Yet another lorry driver killed yet another Londoner on a bike this morning – this time on the roundabout to the west of Lambeth Bridge. Tragically, that’s now barely newsworthy. HGVs are killing people on such a regular basis in the capital that the subsequent vigils organised by the Stop Killing Cyclists group will eventually start causing a sizeable percentage of regular congestion.

It’s certainly galling that one of the reasons the roundabout is still quite so lethal is that Westminster City Council persuaded Transport for London not to press ahead with some planned minor improvements for cyclist safety in October 2012.

Whatever sanitised logic was given for this (there’s some suggestion it was rejected for not being safe enough), nothing was done in the thirty months that followed, and so this morning a 55-year-old woman spent her last living moments crushed beneath a metre-tall tyre.

I wonder if there will be any sense of guilt in the transport offices of Westminster tomorrow?

In other news, lorry driver Barry Meyer has admitted a range of driving offences today in his trial for killing Alan Neve in London on 15 July 2013. If you’ll bear with me for a moment, the confession covered:

  • Ignoring a red light because he was too busy trying to keep up with a truck in front.
  • Neither turning his head or using his mirrors, and so not seeing Alan cycling through the junction.
  • Failing to immediately stop having dragged Alan beneath his lorry, despite “shrieks of pedestrians and other road users”. Alan was killed immediately.
  • Not being licenced to drive the lorry.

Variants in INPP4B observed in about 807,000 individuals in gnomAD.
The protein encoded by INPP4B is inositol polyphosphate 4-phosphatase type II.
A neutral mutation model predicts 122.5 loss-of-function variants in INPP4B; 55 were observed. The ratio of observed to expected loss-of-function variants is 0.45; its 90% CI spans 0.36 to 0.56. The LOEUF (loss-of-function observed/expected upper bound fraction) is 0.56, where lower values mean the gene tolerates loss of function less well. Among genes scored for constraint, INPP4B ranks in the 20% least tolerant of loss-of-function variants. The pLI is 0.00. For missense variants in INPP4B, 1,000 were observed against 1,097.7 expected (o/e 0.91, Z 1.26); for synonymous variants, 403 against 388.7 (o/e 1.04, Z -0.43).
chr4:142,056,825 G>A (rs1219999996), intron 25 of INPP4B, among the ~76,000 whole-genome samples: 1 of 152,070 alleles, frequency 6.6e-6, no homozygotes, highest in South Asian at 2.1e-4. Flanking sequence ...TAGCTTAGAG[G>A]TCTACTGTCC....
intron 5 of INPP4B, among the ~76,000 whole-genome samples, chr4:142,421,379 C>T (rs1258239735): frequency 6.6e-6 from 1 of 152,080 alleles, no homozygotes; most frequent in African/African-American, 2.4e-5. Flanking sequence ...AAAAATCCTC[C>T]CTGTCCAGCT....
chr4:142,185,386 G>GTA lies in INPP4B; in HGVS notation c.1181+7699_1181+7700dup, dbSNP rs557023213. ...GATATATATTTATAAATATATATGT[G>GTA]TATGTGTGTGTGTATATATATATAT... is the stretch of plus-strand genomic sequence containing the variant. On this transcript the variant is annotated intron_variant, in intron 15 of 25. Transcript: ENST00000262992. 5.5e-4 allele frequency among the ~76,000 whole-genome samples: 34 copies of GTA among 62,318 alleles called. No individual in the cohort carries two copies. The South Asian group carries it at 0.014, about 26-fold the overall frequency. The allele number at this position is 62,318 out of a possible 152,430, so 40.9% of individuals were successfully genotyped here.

• Not having any insurance.

But wait. There’s more:

  • Sept 2008. Stopped whilst driving a lorry whilst banned. Gave a false name. Banned for 14 more months.
  • July 2007. Stopped whilst driving a van whilst banned. Banned for 12 more months.
  • May 2007. Convicted of drink-driving and banned for 36 months.
  • Dec 2004. Convicted of driving a lorry with a dangerous load.
  • July 1998. Convicted of driving whilst banned.
  • Dec 1997. Convicted of drink-driving and banned for 18 months.

You have to wonder at what point in there any rational person would stop and think “gee, it’s almost as if this guy isn’t taking disqualifications very seriously; maybe we should try something else?”

That didn’t happen. Barry continued in his devil-may-care approach to the safety of other road users, and eventually—inevitably—someone else paid the price.

You’ll be heartened to know that even after killing someone after driving through a red light, the prosecution service decided not to bother with the more serious offence of causing death by dangerous driving (rather than careless), so the maximum sentence available to Judge Worsley is only five years. No doubt Barry will be out in a little over two, and obviously back behind the wheel shortly after.

There’s one more twist to this sorry tale. The only reason Alan had to use the particularly hostile junction in question is because police had taken it upon themselves to enforce a ban on cyclists using a much safer alternative bus lane.

What would you choose? A £30 fine every commute and relative safety, or having to merge across four lanes of rush-hour traffic on a bike?

Take care out there.